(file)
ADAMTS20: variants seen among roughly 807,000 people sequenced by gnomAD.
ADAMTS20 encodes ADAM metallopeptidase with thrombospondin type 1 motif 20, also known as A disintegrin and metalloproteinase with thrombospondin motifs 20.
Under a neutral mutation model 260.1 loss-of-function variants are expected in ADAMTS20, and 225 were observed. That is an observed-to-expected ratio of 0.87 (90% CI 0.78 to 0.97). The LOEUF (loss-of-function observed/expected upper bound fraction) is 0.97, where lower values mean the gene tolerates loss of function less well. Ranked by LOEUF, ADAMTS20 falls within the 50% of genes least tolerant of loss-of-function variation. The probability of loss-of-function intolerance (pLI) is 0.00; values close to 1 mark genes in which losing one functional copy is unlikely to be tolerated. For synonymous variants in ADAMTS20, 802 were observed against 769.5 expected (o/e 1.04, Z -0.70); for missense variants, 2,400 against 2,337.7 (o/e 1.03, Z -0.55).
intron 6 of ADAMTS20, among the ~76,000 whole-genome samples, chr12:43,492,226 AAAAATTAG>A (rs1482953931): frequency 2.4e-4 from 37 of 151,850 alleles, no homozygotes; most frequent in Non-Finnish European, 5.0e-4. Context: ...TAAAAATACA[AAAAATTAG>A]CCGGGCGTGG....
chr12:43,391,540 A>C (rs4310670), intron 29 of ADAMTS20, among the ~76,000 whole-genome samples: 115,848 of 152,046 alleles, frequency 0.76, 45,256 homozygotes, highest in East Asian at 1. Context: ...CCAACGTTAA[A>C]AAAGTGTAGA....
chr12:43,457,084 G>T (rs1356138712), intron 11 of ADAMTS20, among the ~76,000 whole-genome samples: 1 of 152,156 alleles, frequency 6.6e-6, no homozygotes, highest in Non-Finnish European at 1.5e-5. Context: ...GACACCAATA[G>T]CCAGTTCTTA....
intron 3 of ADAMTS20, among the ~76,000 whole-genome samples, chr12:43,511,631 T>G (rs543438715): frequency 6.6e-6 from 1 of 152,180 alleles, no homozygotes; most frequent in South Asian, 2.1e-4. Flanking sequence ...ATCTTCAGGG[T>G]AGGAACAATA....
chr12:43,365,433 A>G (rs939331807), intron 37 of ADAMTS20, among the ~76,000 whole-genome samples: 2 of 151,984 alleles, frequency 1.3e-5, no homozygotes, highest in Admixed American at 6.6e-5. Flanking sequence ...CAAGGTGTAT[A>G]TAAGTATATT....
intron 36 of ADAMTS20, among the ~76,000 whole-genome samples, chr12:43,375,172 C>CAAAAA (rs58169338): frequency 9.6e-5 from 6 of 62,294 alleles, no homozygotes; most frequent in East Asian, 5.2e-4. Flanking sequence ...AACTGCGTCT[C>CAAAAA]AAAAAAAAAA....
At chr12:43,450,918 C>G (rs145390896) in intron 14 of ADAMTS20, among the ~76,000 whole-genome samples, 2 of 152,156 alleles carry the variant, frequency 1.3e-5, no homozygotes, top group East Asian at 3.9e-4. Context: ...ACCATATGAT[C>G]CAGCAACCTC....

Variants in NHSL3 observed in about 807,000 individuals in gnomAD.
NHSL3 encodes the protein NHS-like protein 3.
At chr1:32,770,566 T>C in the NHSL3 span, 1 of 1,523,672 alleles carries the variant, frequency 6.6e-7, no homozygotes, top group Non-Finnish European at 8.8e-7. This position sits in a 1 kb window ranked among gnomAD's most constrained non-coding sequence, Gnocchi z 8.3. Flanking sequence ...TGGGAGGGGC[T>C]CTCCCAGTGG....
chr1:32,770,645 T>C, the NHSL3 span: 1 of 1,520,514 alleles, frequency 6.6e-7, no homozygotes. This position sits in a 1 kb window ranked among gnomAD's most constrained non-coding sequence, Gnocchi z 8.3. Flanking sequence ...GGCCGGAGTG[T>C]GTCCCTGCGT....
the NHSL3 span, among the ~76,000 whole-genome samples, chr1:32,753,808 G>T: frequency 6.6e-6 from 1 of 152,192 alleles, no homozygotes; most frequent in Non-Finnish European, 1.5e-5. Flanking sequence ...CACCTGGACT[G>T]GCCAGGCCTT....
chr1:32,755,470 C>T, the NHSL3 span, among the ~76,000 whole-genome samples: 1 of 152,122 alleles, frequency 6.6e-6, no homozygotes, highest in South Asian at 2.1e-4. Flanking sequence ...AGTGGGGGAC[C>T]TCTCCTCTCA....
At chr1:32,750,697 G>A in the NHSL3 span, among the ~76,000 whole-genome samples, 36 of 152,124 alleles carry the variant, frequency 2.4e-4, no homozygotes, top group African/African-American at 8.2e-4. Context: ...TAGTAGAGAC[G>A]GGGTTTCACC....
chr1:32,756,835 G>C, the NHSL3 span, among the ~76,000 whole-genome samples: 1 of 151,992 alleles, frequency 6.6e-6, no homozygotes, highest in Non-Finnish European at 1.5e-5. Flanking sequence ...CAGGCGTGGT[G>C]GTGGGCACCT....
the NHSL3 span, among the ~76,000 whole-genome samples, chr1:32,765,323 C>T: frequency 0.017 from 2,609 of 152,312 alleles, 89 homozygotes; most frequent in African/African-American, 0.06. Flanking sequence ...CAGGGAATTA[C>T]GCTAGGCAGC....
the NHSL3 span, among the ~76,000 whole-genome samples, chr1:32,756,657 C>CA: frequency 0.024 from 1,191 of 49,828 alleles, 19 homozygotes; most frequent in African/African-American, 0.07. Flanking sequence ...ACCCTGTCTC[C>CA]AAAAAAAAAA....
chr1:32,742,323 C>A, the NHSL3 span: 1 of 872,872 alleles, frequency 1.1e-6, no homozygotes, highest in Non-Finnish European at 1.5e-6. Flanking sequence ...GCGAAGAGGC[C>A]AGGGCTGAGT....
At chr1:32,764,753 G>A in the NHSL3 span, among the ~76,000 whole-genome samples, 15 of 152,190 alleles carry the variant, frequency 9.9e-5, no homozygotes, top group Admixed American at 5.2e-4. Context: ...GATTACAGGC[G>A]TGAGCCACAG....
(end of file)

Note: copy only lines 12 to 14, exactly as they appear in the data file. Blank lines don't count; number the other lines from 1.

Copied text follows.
NHSL3 encodes the protein NHS-like protein 3.
At chr1:32,770,566 T>C in the NHSL3 span, 1 of 1,523,672 alleles carries the variant, frequency 6.6e-7, no homozygotes, top group Non-Finnish European at 8.8e-7. This position sits in a 1 kb window ranked among gnomAD's most constrained non-coding sequence, Gnocchi z 8.3. Flanking sequence ...TGGGAGGGGC[T>C]CTCCCAGTGG....
chr1:32,770,645 T>C, the NHSL3 span: 1 of 1,520,514 alleles, frequency 6.6e-7, no homozygotes. This position sits in a 1 kb window ranked among gnomAD's most constrained non-coding sequence, Gnocchi z 8.3. Flanking sequence ...GGCCGGAGTG[T>C]GTCCCTGCGT....